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The 2007 Farm Bill and Beyond

by 5m Editor
22 May 2007, at 12:03pm

US - The 2007 Farm Bill is hardly small potatoes. Over the last five years, farmers have received an average of $20 billion a year in subsidies and other payments.

Is this money really well-spent? Do payments and government controls on agriculture help or hurt American consumers?

To answer these questions, the American Enterprise Institute commissioned eighteen well-known agricultural economists to ascertain the effects of current U.S. agricultural subsidies, spending programs, and regulations, and to offer policy recommendations.

Directed by Bruce Gardner, professor of agricultural economics at the University of Maryland, and Daniel Sumner, director of the Agricultural Issues Center at the University of California, the authors comprehensively review and analyze American agricultural policy. Among their findings:

  • Eliminating farm subsidies for corn, wheat, and soybeans would have virtually no effect on the production or prices of these commodities. These subsidies are, in effect, "money for nothing," claims Bruce Babcock, director of the Center for Agriculture and Rural Development at Iowa State University.

  • Farm households earn 20% more than the average American household. The average income of commercial-scale farms, which receive almost all farm subsidies, is more than three times that of the average household, contends Gardner. The median net worth of farm households in 2005 was estimated at $460,000, nearly five times the estimated $92,000 for all U.S. households.

  • Elimination of farm subsidies wouldn't harm vulnerable farm families. Only 3% of all farm households have both low-income and low-net worth. These households receive only a tiny share of the subsidies.

  • Taxpayers pay $3 billion a year to subsidize crop insurance and $2 billion for ad hoc disaster payments, according to Joseph Glauber, special ag envoy for the U.S. Trade Representative. Much of the insurance subsidy pays for administration and marketing costs; only 60 cents of every dollar gets to the farmer.

  • The U.S. sugar program costs consumers hundreds of millions of dollars each year by keeping U.S. sugar prices at about double the world level, claims John Beghin, Iowa State ag economist.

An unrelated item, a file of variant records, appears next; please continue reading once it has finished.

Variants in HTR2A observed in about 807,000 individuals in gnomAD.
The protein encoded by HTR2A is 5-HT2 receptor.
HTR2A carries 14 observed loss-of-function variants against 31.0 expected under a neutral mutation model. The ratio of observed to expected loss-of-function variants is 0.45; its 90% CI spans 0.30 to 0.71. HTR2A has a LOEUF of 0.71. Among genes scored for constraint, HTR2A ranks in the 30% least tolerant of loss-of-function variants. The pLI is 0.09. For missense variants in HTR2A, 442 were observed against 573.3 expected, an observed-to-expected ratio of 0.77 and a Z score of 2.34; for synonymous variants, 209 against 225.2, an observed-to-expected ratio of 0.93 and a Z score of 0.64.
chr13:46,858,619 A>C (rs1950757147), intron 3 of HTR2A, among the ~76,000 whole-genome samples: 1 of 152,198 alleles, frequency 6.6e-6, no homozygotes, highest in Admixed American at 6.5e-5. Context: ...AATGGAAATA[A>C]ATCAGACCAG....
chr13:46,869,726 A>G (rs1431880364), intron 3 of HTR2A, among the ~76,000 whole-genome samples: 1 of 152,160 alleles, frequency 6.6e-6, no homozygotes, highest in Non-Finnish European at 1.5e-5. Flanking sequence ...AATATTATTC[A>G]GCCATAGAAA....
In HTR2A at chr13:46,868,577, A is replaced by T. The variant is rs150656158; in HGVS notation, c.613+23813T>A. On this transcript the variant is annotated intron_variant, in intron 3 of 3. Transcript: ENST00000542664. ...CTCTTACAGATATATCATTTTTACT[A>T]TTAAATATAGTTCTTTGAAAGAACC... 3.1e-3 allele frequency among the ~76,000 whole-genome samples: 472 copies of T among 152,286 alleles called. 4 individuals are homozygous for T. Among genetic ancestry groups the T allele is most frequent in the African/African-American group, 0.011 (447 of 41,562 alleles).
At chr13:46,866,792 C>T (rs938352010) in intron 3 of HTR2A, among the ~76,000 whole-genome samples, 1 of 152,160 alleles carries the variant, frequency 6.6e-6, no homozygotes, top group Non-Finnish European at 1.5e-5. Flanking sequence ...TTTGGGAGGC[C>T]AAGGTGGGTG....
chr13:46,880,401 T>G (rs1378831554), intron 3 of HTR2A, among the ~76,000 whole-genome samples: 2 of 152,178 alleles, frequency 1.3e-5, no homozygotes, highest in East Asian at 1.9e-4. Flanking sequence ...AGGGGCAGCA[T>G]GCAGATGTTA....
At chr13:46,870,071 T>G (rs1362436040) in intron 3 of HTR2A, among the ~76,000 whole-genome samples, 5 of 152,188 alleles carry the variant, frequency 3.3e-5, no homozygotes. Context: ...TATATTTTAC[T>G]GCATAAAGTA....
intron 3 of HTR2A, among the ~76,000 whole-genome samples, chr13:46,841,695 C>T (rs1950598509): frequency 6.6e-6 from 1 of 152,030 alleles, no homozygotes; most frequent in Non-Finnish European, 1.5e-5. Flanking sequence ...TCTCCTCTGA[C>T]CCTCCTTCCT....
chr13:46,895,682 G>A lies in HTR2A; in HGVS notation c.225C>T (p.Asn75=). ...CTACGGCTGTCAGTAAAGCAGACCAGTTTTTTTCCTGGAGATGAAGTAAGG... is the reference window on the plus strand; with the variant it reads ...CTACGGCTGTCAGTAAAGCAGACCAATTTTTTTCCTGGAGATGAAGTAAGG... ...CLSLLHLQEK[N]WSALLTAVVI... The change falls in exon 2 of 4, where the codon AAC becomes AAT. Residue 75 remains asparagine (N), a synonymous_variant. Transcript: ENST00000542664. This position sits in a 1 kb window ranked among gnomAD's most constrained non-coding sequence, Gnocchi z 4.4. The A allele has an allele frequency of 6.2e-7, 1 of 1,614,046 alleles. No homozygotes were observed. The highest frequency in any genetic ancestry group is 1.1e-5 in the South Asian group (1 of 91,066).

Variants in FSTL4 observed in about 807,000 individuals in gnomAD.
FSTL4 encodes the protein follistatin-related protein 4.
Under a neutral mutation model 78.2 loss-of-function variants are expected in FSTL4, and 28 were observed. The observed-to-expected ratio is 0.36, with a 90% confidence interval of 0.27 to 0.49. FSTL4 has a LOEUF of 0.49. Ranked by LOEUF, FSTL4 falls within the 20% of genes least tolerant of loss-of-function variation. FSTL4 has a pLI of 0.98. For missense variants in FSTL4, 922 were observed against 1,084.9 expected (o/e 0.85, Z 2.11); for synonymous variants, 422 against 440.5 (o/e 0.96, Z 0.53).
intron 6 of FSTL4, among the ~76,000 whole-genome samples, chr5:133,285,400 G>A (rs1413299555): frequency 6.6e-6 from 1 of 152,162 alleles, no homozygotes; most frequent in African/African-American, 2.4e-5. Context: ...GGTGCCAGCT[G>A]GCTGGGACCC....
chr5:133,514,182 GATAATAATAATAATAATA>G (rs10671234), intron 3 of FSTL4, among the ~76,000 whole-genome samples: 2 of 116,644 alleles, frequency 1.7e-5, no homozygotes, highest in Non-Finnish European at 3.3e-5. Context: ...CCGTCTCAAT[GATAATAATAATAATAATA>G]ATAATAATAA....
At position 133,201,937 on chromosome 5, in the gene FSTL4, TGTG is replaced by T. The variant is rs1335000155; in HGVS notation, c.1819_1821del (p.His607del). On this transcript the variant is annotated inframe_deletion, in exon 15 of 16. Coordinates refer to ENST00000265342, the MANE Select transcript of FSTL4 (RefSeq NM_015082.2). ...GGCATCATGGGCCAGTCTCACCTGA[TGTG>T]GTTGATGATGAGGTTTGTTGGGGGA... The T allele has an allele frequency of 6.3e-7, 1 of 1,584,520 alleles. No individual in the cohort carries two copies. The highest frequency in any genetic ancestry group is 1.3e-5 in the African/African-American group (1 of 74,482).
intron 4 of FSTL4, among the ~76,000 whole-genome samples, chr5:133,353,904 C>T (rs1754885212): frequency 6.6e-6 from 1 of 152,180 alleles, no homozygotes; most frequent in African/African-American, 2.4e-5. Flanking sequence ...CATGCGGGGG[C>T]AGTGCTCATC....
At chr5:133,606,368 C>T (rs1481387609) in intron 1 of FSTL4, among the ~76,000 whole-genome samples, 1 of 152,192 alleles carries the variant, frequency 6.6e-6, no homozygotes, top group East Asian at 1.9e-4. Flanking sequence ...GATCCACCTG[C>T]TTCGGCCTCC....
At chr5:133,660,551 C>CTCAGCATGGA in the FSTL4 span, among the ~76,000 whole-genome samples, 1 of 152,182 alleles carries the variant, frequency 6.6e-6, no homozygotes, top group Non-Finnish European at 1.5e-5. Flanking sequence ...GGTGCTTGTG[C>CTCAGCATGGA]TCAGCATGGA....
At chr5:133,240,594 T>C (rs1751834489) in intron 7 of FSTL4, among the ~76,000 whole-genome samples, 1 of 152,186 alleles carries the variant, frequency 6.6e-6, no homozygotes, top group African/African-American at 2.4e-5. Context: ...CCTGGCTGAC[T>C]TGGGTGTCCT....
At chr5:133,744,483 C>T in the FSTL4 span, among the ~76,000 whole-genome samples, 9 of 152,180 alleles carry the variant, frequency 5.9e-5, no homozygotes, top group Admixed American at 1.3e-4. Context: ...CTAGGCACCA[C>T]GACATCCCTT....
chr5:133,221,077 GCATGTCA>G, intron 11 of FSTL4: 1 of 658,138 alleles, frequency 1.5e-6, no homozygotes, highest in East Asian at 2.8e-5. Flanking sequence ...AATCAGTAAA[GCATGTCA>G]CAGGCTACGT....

• Current policies significantly distort international trade. Subsidies cause the United States to flood the world with excess cotton, driving down market prices by 10% , to the detriment of producers in developing countries, asserts Babcock.

  • Humanitarian food assistance in poor, disaster-stricken countries costs U.S. taxpayers nearly $2 billion a year, reports Christopher Barrett, co-director of the African Food Security and Natural Resources Management program at Cornell University. Because U.S. food aid is mandated to be bagged, processed, and shipped by U.S. producers, USAID purchased $654 million worth of food for international food aid programs and spent nearly $1 billion in transport, storage and administrative costs. Logistical costs ate up 60% of the food aid budget – compared to only 32% by Canada.
Current policies also significantly distort international trade. Subsidies cause the United States to flood the world with excess cotton, driving down market prices by 10 percent, to the detriment of producers in developing countries (Babcock).

The Farm Bill also authorizes payments for humanitarian food assistance in poor, disaster-stricken countries. These programs cost taxpayers on average nearly $2 billion a year. Contributing author Christopher Barrett examined international food aid programs, and found that:
  • In FY 2005, because of mandates which require U.S. food aid to be bagged, processed, and shipped by U.S. producers, USAID purchased $654 million worth of food for international food aid programs and spent nearly $1 billion in transport, storage, and administrative costs. Such logistical costs ate up 60 percent of the U.S. food aid budget; by contrast, Canada spent 32 percent on logistics.

  • These mandates also produce absurd results, as history has demonstrated. The 1986 Farm Bill, for example, stipulated that Great Lakes ports should retain their right to ship U.S. food aid at the 1984 level. That legislation also required food aid to be shipped in U.S. flagged vessels which no longer enter Great Lakes ports. As a result, to comply with the 1986 bill, U.S. food aid was moved overland by truck or rail to the Great Lakes region, and then transported by land to other U.S. seaports for overseas shipment.
The reauthorization debate is taking place in a unique context that may lead Congress to make significant reforms.
  • Budget deficits and Congressional pay-go rules limit new spending.

  • International trade rulings and Doha round negotiations call into question the survival of current subsidy programs.

  • Interest group demands for more spending on conservation, research and development, nutrition, and other Farm Bill issues are putting budget pressure on traditional commodity programs.

  • Concern about oil prices and energy security has lead to calls for increased ethanol and renewable energy subsidies.

  • Many believe voters punished Republicans in 2006 in part because of their allegedly free-spending ways; the Farm Bill is the first major spending issue to come before Congress since the election.
Together, the papers in "The 2007 Farm Bill and Beyond" provide important facts policymakers should consider, and offer concrete suggestions for policy reform that would serve better the nation’s interests.

5m Editor